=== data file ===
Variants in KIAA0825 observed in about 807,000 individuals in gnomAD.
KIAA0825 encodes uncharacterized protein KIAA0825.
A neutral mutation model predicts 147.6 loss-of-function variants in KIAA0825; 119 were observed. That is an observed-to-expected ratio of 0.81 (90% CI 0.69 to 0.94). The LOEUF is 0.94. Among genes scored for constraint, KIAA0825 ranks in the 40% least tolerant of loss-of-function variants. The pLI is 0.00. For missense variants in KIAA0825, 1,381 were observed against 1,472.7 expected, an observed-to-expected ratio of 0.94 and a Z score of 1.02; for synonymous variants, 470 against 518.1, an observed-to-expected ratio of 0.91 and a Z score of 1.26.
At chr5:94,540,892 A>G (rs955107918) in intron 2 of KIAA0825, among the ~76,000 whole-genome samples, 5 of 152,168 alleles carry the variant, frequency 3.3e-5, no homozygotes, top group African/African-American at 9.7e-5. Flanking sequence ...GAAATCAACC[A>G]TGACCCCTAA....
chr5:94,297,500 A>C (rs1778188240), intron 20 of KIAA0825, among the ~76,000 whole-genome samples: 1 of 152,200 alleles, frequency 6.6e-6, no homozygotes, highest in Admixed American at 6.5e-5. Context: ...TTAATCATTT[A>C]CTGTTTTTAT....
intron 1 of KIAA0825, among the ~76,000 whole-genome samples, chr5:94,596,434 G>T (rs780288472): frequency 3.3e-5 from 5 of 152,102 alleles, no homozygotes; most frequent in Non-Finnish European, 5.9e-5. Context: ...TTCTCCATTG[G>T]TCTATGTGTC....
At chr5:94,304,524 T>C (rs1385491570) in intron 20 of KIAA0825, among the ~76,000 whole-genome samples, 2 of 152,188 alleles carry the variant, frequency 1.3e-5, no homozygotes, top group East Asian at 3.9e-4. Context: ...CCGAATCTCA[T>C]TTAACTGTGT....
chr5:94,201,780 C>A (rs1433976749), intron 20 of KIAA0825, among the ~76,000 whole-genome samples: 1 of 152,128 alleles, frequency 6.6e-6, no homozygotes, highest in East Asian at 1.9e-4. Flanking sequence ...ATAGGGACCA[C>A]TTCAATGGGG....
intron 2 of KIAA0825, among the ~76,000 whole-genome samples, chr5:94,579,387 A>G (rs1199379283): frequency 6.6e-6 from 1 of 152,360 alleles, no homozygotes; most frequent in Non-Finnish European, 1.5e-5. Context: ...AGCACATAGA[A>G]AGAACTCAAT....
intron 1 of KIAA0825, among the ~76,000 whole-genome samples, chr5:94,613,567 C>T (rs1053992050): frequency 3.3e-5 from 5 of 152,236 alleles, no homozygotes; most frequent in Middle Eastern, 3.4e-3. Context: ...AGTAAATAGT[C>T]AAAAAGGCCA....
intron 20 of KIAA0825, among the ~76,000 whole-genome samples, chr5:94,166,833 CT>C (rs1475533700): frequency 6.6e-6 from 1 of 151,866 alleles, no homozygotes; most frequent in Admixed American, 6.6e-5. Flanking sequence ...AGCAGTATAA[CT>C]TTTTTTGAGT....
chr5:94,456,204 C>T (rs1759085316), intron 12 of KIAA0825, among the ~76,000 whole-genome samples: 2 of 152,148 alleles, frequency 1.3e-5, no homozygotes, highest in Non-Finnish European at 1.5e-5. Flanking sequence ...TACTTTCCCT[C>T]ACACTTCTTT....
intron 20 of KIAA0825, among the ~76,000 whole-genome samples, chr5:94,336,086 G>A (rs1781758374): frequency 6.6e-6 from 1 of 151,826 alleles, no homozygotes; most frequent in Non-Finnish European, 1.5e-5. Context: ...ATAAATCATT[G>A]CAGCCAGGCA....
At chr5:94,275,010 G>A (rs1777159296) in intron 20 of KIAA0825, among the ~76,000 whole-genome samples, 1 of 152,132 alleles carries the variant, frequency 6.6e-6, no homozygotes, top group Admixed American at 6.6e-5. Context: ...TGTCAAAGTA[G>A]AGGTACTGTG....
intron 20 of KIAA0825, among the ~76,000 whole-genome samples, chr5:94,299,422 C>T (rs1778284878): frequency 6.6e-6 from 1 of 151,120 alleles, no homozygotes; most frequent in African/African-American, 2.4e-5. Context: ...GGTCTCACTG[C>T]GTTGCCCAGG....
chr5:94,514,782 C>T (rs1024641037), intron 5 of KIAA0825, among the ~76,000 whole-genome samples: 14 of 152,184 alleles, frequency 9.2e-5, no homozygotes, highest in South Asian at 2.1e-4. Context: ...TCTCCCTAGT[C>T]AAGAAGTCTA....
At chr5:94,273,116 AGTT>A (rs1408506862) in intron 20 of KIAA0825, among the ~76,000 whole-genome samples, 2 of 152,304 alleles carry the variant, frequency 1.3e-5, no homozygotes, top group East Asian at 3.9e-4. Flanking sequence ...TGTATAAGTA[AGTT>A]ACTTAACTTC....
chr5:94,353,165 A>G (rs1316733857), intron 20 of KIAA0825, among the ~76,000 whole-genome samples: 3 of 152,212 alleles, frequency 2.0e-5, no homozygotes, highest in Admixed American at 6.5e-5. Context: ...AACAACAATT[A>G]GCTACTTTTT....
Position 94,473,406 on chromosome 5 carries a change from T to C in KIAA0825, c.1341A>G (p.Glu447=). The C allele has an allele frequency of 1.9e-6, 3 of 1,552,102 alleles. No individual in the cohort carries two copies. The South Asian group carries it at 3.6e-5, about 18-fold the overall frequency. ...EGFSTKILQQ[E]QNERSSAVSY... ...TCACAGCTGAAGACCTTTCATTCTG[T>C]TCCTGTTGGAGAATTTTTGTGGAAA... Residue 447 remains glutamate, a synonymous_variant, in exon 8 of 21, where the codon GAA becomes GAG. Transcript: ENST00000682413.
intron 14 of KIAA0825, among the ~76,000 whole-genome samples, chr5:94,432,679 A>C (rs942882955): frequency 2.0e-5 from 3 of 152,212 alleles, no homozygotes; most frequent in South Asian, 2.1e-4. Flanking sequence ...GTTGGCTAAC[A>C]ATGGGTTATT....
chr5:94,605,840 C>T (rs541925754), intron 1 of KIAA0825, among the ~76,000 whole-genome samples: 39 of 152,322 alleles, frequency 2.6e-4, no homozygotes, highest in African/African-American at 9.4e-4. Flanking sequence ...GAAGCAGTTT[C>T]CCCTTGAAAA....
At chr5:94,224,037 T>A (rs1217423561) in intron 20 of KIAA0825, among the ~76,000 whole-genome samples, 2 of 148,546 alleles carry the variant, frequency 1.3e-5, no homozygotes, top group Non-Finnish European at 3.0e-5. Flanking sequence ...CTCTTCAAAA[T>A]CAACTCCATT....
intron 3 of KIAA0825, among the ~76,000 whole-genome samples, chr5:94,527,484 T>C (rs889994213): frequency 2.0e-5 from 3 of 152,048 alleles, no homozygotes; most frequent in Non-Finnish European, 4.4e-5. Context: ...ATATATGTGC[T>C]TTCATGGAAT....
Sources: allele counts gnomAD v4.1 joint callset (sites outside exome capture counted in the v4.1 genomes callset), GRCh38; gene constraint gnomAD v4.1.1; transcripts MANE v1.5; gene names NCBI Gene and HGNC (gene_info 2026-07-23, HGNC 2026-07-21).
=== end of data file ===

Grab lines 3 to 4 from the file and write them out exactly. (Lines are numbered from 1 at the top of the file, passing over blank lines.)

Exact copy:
A neutral mutation model predicts 147.6 loss-of-function variants in KIAA0825; 119 were observed. That is an observed-to-expected ratio of 0.81 (90% CI 0.69 to 0.94). The LOEUF is 0.94. Among genes scored for constraint, KIAA0825 ranks in the 40% least tolerant of loss-of-function variants. The pLI is 0.00. For missense variants in KIAA0825, 1,381 were observed against 1,472.7 expected, an observed-to-expected ratio of 0.94 and a Z score of 1.02; for synonymous variants, 470 against 518.1, an observed-to-expected ratio of 0.91 and a Z score of 1.26.
At chr5:94,540,892 A>G (rs955107918) in intron 2 of KIAA0825, among the ~76,000 whole-genome samples, 5 of 152,168 alleles carry the variant, frequency 3.3e-5, no homozygotes, top group African/African-American at 9.7e-5. Flanking sequence ...GAAATCAACC[A>G]TGACCCCTAA....